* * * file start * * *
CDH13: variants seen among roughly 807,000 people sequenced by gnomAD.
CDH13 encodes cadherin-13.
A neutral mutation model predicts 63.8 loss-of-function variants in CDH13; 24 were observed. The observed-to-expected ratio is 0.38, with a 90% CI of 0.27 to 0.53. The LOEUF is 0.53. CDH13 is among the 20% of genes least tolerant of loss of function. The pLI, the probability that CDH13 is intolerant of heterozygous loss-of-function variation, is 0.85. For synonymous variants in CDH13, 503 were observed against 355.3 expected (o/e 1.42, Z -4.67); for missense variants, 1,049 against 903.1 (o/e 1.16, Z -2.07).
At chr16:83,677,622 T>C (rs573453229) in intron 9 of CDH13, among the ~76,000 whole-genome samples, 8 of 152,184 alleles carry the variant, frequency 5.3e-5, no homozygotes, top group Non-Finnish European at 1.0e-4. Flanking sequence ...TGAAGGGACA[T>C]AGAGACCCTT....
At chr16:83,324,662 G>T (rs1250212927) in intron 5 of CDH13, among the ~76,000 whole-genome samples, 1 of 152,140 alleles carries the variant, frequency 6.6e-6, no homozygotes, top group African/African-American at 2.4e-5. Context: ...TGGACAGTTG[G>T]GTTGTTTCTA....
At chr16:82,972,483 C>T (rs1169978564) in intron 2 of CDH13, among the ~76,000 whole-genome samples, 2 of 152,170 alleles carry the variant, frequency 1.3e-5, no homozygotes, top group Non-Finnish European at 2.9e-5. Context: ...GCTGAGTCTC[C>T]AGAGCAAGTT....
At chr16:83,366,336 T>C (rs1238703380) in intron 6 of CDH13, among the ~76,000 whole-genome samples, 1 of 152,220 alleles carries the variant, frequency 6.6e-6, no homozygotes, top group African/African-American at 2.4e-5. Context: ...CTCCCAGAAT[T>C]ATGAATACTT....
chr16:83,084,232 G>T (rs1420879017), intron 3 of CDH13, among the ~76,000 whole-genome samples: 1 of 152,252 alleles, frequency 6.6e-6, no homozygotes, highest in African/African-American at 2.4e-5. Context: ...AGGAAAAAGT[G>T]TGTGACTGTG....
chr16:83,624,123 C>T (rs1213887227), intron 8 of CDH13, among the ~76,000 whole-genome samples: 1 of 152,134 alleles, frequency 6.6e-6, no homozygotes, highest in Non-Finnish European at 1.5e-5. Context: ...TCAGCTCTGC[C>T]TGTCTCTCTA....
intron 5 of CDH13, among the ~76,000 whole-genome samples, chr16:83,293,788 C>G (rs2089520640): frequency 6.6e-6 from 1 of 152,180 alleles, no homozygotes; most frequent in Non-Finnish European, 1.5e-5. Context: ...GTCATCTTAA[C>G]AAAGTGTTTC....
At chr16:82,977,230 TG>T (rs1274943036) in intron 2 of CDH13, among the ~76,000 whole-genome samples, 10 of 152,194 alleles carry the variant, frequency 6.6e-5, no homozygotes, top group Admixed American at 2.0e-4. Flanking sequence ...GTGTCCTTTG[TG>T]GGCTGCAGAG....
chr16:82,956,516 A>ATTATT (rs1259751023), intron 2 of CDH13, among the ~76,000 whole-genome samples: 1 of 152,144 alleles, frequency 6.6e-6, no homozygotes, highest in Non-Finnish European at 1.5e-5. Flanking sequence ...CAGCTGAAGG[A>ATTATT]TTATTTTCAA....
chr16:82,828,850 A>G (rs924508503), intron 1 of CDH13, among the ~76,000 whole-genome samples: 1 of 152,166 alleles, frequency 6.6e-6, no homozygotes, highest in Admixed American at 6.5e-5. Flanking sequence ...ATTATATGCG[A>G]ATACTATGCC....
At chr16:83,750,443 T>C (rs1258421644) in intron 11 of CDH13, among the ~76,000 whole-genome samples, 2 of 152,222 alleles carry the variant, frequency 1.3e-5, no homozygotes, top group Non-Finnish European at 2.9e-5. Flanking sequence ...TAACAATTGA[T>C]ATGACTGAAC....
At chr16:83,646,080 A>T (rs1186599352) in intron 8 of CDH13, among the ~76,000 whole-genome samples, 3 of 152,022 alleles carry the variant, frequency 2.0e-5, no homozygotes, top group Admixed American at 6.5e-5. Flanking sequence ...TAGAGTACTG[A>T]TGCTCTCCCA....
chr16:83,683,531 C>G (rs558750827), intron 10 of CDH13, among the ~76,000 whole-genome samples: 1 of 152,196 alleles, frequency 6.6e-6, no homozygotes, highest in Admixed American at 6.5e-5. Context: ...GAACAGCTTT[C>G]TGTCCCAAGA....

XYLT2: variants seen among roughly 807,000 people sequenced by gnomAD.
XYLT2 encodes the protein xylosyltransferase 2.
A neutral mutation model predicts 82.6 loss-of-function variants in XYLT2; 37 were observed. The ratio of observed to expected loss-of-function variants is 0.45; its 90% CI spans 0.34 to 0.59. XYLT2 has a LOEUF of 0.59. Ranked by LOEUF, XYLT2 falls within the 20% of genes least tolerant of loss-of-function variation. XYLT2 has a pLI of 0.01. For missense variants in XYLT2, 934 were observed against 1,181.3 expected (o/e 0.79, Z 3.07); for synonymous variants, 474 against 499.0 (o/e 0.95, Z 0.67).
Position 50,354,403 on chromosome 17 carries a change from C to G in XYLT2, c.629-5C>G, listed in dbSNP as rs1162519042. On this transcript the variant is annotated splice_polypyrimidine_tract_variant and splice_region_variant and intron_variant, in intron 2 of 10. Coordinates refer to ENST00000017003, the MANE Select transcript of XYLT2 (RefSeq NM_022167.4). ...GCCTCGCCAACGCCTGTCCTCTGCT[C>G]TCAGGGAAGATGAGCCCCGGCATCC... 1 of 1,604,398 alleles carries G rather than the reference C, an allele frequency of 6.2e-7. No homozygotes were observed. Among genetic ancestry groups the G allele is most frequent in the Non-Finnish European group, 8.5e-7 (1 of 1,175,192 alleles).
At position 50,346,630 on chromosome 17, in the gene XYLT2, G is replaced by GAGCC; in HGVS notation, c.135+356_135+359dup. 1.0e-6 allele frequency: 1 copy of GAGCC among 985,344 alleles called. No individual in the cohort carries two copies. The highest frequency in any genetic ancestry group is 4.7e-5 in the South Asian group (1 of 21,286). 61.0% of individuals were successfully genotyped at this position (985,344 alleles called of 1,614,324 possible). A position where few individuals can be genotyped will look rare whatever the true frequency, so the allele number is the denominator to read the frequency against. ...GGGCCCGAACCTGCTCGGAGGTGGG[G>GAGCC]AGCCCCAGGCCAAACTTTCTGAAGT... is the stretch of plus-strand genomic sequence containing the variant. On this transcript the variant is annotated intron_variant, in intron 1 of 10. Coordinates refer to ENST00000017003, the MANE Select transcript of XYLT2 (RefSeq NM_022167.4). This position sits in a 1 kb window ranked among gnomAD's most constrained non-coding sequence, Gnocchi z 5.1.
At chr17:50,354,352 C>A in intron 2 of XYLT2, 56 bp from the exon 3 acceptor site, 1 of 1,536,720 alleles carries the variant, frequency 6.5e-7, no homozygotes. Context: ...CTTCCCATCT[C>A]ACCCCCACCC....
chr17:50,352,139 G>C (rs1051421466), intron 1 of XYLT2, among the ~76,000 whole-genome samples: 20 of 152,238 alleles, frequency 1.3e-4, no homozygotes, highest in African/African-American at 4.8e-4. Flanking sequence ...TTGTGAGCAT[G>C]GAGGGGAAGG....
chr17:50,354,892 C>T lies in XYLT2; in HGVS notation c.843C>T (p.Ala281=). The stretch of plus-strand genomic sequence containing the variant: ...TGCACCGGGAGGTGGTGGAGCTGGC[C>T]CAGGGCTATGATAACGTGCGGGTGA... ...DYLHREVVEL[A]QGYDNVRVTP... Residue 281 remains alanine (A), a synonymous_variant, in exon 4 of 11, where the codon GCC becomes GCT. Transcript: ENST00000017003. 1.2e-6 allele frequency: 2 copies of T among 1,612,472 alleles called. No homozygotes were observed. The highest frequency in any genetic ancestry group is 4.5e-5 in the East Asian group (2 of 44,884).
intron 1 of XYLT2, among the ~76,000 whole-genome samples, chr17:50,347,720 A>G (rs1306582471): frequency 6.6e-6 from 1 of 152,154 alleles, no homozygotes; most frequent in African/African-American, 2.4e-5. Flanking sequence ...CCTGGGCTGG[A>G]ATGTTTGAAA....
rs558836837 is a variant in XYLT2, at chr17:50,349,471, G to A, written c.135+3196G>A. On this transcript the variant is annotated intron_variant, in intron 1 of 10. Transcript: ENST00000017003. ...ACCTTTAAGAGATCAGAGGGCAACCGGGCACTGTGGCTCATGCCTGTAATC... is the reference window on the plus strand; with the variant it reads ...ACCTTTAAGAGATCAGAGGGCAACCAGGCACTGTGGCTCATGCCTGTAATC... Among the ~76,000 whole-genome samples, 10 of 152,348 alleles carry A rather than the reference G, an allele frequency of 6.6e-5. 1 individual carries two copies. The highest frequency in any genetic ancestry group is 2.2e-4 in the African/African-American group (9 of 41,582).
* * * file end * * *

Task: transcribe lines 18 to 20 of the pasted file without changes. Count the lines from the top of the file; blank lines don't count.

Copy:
XYLT2 encodes the protein xylosyltransferase 2.
A neutral mutation model predicts 82.6 loss-of-function variants in XYLT2; 37 were observed. The ratio of observed to expected loss-of-function variants is 0.45; its 90% CI spans 0.34 to 0.59. XYLT2 has a LOEUF of 0.59. Ranked by LOEUF, XYLT2 falls within the 20% of genes least tolerant of loss-of-function variation. XYLT2 has a pLI of 0.01. For missense variants in XYLT2, 934 were observed against 1,181.3 expected (o/e 0.79, Z 3.07); for synonymous variants, 474 against 499.0 (o/e 0.95, Z 0.67).
Position 50,354,403 on chromosome 17 carries a change from C to G in XYLT2, c.629-5C>G, listed in dbSNP as rs1162519042. On this transcript the variant is annotated splice_polypyrimidine_tract_variant and splice_region_variant and intron_variant, in intron 2 of 10. Coordinates refer to ENST00000017003, the MANE Select transcript of XYLT2 (RefSeq NM_022167.4). ...GCCTCGCCAACGCCTGTCCTCTGCT[C>G]TCAGGGAAGATGAGCCCCGGCATCC... 1 of 1,604,398 alleles carries G rather than the reference C, an allele frequency of 6.2e-7. No homozygotes were observed. Among genetic ancestry groups the G allele is most frequent in the Non-Finnish European group, 8.5e-7 (1 of 1,175,192 alleles).